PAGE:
Name: Grace Orange
Course: Bachelor of Arts, Bachelor of Science
Currently: Working for the Australian Bureau of Statistics
Program: Yayasan Usaha Mulia (YUM)
Site: With a head office in Jakarta, YUM have run health, education and community development projects for the rural villages of Cipanas, West Java, and Bukit Batu, Central Kalimantan, for the last 40 years.
Duration: 3 months
What was your internship like?
The internship was more than a full time role in an international organisation — I was immersed in a completely foreign culture bustling with life and a chaos that actually has some kind of order once you get used to it. I stepped off the plane into the tropical climate of Jogjakarta, where I completed a two-week language and culture course and met my student buddy, Dede. The window in my room opened to a balcony where geckos gathered at night, and from which you could see the mosque across the road where a call to prayer is sung five times a day. The people in Jogja more than exceeded their reputation for friendliness, and were excited to share their culture with me.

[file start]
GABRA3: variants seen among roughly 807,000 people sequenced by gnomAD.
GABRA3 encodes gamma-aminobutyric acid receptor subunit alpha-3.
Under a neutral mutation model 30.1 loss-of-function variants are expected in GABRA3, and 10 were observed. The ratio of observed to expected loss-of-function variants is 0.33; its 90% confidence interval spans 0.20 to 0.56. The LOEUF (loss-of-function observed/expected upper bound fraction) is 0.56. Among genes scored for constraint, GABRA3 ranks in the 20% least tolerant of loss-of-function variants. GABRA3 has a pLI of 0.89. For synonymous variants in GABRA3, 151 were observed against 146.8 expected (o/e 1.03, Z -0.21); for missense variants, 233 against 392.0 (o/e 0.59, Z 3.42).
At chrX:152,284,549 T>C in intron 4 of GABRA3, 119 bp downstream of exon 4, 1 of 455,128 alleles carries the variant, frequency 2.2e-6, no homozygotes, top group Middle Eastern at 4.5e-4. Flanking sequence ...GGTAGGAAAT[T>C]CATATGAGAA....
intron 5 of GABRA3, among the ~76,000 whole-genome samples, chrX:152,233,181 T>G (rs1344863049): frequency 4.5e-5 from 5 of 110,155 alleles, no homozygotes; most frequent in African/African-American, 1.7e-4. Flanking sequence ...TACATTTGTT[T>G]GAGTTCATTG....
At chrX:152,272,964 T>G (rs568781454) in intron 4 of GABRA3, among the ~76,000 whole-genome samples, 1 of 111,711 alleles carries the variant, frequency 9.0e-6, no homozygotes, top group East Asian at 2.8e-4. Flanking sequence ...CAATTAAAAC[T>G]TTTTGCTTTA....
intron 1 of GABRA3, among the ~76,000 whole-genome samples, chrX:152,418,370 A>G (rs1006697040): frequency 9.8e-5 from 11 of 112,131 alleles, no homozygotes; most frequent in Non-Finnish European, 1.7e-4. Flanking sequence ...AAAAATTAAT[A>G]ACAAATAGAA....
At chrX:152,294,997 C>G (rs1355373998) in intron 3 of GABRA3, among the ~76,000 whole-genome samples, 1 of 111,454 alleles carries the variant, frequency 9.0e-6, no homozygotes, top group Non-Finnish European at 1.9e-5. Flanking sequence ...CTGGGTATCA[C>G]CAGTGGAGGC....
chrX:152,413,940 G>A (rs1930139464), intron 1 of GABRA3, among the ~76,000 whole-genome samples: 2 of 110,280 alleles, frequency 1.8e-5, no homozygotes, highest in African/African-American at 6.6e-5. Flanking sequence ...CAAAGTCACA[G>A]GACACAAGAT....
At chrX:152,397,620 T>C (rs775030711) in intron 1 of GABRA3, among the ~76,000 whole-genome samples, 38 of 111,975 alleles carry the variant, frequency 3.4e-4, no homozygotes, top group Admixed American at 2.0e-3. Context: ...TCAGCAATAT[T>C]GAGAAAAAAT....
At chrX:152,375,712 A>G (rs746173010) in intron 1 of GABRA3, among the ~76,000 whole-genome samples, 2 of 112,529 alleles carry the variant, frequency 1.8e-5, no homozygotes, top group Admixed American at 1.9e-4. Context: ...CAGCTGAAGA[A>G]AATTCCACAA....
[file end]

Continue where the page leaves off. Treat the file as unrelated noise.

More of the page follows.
Likewise, when I arrived at YUM in Jakarta, I was welcomed by a team of enterprising and altruistic people who helped me understand what they did and my part in it. They were easy to work with, conversed with me every day over lunch at the kitchen table (with my supervisor helping to translate), helped me book my daily ojek (scooter style taxi service) for the commute home through the macet (traffic jam) and went out of
their way to show me both of the remote villages in which they work. A number of times, they drove me the 5+ hours through the lush, rural landscape of West Java to YUM in Cipanas, and I also had the privilege of flying to Bukit Batu in Central Kalimantan.
Outside of the regular 9-5, I lived in a high-rise student apartment building overlooking the megalopolis, along with other Australian students I was connected with via International Internships, who organised networking events and weekend trips for us to attend together. We’d navigate the uneven footpaths through which massive trees had burst, past tangled masses of power lines and street vendors who keep calm and bakar sate no matter what, to have nasi goreng or cap cay at our favourite local restaurants. For our laundry needs, we frequented a shop that also offered hairdressing and tattoo services. Despite wild differences between this new environment and my home in Melbourne, the culture shock I’d been warned about never eventuated, and I can’t wait to go back.
Here’s a video of Grace talking about her internship and the opportunities it opened up for her:
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